UNITED NATIONS, Dec 12 (Reuters) – The United Nations on Tuesday demanded an immediate humanitarian ceasefire in the Israel-Hamas war after more than three-quarters of the 193-member General Assembly backed the move, which had been vetoed by the United States in the Security Council last week.
Washington does not have a veto in the General Assembly. It voted against the draft resolution, along with Israel and eight other countries. The text garnered 153 votes in favor, while 23 countries abstained from the vote.
General Assembly resolutions are not binding but carry political weight, reflecting a global view on the war.
U.S. Ambassador to the U.N. Linda Thomas-Greenfield told the General Assembly before the vote that there were aspects of the resolution that the U.S. supported, such as the need to urgently address the dire humanitarian situation in Gaza, protect civilians and free hostages.
But she added: “Any ceasefire right now would be temporary at the best and dangerous at worst – dangerous to Israelis, who would be subject to relentless attacks, and also dangerous to Palestinians, who deserve the chance to build a better future for themselves, free from Hamas.”
Before the U.N. vote, U.S. President Joe Biden told a fundraising event for his 2024 re-election campaign that Israel was losing international support because of “indiscriminate bombing that takes place.”
Israel has bombarded Gaza from the air, imposed a siege and launched a ground offensive in retaliation for an Oct. 7 attack by Hamas that Israel says killed 1,200 people and saw 240 people taken hostage. Gaza’s health ministry says 18,205 Palestinians have been killed and nearly 50,000 wounded.
The General Assembly resolution also demands the immediate and unconditional release of all hostages and that the warring parties comply with international law, specifically with regard to the protection of civilians.
An attempt by the United States to amend the text to include a rejection and condemnation of “the heinous terrorist attacks by Hamas … and the taking of hostages” and a bid by Austria to add that the hostages were being held by Hamas both failed to get the two-thirds majority support needed to pass.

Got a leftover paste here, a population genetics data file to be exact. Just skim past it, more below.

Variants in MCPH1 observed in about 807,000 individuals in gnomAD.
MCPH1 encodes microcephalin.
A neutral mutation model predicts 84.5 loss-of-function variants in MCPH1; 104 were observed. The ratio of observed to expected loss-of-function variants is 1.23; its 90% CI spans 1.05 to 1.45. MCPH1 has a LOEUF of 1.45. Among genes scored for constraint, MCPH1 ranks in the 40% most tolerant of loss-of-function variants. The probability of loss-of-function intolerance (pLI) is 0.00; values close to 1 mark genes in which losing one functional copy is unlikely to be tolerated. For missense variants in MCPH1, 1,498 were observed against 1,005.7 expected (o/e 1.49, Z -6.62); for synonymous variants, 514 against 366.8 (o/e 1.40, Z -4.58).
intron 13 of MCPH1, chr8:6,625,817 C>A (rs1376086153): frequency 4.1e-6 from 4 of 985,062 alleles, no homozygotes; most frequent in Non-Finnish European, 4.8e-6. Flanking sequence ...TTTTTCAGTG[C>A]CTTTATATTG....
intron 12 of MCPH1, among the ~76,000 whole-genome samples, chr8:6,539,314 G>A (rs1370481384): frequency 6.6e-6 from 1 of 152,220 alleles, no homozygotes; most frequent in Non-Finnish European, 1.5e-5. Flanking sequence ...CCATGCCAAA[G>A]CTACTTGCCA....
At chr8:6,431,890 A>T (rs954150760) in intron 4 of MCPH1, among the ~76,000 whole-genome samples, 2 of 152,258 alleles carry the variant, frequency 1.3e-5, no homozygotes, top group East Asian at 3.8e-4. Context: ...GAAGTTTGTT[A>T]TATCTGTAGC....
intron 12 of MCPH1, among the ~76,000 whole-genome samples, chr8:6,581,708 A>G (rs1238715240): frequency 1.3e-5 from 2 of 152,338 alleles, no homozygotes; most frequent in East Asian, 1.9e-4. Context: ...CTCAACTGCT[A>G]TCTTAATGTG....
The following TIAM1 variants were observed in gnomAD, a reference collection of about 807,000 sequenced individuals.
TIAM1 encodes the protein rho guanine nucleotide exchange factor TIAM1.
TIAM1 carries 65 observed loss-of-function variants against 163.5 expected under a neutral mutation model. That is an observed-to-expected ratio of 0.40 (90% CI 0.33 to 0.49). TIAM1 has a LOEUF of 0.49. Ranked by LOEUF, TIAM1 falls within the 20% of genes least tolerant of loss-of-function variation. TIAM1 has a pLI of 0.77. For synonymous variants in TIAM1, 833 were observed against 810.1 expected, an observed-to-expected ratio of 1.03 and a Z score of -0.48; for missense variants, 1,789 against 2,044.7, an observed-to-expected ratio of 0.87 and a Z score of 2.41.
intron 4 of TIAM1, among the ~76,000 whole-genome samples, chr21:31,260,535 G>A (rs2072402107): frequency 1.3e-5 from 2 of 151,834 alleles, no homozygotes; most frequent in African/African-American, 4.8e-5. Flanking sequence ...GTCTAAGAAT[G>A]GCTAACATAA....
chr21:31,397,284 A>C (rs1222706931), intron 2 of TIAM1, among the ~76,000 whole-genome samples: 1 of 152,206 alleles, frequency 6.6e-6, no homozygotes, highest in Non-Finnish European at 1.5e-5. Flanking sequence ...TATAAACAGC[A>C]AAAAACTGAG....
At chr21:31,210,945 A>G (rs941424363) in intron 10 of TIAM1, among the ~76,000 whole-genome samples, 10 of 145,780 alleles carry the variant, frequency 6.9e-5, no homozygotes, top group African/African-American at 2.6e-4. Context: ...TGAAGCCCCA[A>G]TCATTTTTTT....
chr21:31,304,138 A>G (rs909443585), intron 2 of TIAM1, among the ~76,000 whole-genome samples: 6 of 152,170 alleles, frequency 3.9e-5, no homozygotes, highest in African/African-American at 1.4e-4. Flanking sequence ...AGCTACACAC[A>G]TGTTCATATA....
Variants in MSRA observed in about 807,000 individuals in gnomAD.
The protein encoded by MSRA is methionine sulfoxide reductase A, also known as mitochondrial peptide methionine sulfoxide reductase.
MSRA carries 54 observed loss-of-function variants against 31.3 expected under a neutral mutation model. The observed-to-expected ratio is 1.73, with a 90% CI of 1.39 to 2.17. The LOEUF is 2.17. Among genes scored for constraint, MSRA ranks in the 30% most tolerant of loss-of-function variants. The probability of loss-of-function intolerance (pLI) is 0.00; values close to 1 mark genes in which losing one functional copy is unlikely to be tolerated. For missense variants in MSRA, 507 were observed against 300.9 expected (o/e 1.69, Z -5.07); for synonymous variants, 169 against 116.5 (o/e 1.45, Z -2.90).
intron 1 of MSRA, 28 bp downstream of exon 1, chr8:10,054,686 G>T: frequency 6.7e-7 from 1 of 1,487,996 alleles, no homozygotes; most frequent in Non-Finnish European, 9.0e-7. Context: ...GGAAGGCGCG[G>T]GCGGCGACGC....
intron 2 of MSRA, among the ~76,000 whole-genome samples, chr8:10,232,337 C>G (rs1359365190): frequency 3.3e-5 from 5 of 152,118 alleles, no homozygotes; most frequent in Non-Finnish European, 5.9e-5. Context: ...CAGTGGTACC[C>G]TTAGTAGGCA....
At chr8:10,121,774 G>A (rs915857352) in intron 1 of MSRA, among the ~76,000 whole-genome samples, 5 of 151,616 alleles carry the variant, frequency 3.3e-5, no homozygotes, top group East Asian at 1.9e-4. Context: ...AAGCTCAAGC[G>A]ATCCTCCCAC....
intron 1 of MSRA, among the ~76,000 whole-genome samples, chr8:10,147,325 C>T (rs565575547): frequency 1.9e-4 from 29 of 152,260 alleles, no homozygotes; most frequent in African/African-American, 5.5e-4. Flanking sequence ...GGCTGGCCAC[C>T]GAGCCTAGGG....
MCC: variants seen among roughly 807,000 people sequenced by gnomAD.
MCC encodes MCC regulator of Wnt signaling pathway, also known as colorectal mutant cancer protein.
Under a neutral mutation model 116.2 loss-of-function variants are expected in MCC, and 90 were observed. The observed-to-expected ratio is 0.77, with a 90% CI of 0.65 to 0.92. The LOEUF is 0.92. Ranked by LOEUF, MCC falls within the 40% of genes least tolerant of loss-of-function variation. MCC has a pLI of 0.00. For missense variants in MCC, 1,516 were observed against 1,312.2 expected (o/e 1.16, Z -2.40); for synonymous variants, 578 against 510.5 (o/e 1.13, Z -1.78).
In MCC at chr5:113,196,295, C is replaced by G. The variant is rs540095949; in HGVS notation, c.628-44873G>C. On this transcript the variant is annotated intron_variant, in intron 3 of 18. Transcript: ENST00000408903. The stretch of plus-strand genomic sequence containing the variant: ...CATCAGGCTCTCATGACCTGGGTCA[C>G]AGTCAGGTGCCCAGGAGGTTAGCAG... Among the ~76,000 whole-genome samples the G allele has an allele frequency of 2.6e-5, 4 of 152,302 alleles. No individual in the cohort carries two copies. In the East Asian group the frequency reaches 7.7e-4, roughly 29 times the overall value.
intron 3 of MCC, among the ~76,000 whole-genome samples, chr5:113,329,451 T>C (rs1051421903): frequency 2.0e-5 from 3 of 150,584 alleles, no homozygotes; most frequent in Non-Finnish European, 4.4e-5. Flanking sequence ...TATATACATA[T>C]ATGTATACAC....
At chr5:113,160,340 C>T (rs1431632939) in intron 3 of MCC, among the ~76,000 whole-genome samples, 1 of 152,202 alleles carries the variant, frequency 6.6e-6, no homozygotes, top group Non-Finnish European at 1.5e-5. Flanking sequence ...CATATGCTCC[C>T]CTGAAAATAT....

Pakistan’s U.N. Ambassador Munir Akram argued against both the proposed amendments to name Hamas, saying that any blame “has to be placed on both parties, especially on Israel.”
“When you deny people freedom and dignity, when you humiliate and trap them in an open air prison, where you kill them as if they were beasts – they become very angry and they do to others what was done to them,” he told the General Assembly.
Most of the 2.3 million people in Gaza have been driven from their homes and the United Nations has given dire warnings about the humanitarian situation in the coastal enclave, saying that hundreds of thousands of people are starving.
The United States and Israel oppose a ceasefire because they believe it would only benefit Hamas. Washington instead supports pauses in fighting to protect civilians and allow the release of hostages taken by Palestinian militants on Oct. 7.
“A ceasefire means one thing and one thing only – ensuring the survival of Hamas, ensuring the survival of genocidal terrorists committed to the annihilation of Israel and Jews,” Israel’s U.N. Ambassador Gilad Erdan said ahead of the vote.
“A ceasefire is a death sentence for countless more Israelis and Gazans,” he told the General Assembly. “By voting in favor of this resolution you are supporting the survival of Jihadist terror and the continued suffering of people of Gaza.”
In October the General Assembly called for “an immediate, durable and sustained humanitarian truce leading to a cessation of hostilities” in a resolution adopted with 121 votes in favor, 14 against – including the U.S. – and 44 abstentions.